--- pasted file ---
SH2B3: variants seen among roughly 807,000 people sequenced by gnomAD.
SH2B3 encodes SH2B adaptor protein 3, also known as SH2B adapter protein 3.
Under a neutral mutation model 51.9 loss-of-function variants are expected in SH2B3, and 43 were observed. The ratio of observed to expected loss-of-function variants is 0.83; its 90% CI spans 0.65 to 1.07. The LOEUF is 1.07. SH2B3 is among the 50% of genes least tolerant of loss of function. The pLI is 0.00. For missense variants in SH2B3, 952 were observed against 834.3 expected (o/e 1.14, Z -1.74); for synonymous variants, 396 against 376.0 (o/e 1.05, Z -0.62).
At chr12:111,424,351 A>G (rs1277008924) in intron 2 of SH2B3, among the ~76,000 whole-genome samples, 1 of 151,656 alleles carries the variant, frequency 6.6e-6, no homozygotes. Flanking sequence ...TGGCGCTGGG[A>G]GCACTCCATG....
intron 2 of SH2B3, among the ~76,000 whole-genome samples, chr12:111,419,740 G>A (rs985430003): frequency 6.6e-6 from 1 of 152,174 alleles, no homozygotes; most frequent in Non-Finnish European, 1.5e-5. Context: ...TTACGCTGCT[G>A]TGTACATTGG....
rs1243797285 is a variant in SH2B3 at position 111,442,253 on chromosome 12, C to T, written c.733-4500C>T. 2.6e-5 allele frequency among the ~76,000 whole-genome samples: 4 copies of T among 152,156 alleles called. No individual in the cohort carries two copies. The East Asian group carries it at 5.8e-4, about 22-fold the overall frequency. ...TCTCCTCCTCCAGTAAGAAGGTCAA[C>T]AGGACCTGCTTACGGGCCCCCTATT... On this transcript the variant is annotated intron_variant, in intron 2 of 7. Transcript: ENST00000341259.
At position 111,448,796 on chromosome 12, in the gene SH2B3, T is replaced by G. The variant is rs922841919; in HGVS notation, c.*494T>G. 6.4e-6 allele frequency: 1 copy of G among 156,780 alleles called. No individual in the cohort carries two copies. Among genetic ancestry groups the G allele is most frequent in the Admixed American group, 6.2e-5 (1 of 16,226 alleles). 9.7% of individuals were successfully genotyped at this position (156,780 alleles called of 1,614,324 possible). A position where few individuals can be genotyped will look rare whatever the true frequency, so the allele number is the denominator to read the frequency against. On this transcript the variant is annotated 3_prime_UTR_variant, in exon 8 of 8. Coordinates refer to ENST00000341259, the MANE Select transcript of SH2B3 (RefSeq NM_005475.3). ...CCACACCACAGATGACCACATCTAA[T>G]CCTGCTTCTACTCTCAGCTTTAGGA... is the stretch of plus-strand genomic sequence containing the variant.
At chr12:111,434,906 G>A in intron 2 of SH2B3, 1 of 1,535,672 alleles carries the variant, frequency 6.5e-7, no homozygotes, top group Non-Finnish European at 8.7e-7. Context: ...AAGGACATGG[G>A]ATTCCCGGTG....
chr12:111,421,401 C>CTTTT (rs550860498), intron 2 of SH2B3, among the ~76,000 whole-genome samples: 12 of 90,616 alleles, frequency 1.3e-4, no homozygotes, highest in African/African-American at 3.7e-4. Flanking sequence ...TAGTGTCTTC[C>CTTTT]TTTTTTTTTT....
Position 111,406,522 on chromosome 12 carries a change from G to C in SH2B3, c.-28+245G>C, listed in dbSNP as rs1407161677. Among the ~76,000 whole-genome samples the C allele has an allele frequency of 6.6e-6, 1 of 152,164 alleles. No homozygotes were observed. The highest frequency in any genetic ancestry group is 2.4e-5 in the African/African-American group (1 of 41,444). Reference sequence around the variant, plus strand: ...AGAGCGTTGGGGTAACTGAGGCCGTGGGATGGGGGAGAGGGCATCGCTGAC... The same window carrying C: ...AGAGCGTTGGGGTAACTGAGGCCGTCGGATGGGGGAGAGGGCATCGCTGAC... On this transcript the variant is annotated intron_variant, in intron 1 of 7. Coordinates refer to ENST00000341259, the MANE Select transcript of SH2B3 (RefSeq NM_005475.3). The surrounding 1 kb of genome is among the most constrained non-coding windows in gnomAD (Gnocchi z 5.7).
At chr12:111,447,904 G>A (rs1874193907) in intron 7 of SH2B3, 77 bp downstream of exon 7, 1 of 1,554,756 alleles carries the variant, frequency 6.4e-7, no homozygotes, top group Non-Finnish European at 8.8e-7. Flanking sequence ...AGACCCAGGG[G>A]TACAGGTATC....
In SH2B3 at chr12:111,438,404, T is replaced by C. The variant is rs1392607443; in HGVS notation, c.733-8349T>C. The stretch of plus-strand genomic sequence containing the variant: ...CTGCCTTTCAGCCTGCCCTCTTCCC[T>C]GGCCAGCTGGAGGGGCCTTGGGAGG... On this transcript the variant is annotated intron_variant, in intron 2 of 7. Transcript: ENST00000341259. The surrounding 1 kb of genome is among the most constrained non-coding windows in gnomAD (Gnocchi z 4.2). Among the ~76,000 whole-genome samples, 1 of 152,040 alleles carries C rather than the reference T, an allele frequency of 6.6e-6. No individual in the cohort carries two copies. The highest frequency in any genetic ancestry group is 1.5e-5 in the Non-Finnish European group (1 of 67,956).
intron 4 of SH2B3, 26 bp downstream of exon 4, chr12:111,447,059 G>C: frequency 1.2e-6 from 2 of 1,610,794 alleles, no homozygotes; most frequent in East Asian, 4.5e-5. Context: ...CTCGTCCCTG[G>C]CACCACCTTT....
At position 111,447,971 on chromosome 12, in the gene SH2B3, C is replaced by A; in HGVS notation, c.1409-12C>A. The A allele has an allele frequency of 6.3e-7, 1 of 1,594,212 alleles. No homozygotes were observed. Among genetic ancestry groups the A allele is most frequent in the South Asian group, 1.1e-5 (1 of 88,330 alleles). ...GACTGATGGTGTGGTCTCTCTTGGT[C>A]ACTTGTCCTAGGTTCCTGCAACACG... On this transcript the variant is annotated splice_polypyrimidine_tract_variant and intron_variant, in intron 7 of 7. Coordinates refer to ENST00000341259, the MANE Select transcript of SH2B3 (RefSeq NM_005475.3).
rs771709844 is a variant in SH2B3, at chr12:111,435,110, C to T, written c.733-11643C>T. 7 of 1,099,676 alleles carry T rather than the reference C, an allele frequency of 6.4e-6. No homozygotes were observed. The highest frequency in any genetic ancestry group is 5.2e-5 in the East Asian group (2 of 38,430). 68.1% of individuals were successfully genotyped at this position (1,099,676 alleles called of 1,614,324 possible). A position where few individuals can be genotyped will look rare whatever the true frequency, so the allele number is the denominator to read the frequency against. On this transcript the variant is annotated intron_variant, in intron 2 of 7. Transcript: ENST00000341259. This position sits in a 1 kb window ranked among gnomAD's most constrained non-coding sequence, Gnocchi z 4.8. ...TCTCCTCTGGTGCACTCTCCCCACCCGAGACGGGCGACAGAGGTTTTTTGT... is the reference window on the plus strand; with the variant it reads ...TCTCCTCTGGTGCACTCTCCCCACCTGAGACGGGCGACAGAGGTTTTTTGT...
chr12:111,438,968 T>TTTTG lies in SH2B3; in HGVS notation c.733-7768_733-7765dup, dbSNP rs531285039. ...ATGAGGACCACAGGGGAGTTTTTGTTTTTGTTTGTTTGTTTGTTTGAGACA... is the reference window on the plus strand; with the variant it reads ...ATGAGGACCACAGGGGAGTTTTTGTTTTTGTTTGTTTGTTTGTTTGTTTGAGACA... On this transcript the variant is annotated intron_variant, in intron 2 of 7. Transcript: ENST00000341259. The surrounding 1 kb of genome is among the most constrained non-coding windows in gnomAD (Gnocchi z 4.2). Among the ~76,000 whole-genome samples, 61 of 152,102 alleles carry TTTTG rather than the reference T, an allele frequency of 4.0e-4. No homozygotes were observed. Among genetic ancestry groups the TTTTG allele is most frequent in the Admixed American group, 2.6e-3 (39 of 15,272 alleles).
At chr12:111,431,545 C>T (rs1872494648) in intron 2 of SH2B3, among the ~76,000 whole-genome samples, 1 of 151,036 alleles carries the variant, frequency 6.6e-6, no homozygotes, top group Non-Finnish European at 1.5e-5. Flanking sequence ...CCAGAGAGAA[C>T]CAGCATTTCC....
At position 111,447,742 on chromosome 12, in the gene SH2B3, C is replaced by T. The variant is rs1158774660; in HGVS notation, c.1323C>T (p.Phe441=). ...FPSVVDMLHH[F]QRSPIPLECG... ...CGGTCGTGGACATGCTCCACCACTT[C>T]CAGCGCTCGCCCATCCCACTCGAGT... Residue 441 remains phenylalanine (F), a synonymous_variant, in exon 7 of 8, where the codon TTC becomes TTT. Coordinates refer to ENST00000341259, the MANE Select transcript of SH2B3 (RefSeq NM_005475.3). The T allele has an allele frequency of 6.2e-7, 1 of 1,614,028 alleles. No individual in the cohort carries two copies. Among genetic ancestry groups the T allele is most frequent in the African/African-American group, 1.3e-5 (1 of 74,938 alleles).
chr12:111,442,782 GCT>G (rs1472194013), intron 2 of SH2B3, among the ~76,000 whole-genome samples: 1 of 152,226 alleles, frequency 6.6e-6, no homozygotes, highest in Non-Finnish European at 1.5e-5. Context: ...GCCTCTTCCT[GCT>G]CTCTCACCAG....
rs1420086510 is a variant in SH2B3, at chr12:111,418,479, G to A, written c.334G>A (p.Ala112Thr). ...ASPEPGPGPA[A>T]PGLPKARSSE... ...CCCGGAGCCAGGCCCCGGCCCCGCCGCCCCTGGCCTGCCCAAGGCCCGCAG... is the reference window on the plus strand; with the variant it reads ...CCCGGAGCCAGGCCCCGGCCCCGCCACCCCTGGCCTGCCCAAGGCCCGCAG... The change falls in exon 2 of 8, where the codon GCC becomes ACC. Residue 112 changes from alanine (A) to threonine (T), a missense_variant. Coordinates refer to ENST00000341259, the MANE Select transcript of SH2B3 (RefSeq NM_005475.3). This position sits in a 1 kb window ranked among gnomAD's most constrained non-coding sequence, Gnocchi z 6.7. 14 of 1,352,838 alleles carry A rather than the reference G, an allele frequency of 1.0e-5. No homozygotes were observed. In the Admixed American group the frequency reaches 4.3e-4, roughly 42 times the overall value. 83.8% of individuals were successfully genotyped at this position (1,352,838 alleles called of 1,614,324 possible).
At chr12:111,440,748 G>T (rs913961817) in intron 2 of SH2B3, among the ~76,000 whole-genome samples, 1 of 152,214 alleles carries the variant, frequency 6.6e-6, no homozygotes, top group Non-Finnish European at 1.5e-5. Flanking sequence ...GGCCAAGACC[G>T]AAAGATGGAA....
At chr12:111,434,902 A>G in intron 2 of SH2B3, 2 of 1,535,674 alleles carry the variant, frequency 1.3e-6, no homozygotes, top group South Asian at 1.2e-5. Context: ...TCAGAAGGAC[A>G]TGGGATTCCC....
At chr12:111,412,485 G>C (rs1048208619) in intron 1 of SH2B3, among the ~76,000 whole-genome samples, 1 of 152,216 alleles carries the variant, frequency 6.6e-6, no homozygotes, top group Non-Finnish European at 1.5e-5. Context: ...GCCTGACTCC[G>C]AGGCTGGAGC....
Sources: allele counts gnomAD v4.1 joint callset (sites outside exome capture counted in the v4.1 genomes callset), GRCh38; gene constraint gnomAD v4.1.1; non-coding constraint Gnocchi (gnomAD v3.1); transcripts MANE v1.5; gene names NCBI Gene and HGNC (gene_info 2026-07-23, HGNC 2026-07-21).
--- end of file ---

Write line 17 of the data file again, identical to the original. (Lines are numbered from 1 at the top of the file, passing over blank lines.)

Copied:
At chr12:111,431,545 C>T (rs1872494648) in intron 2 of SH2B3, among the ~76,000 whole-genome samples, 1 of 151,036 alleles carries the variant, frequency 6.6e-6, no homozygotes, top group Non-Finnish European at 1.5e-5. Flanking sequence ...CCAGAGAGAA[C>T]CAGCATTTCC....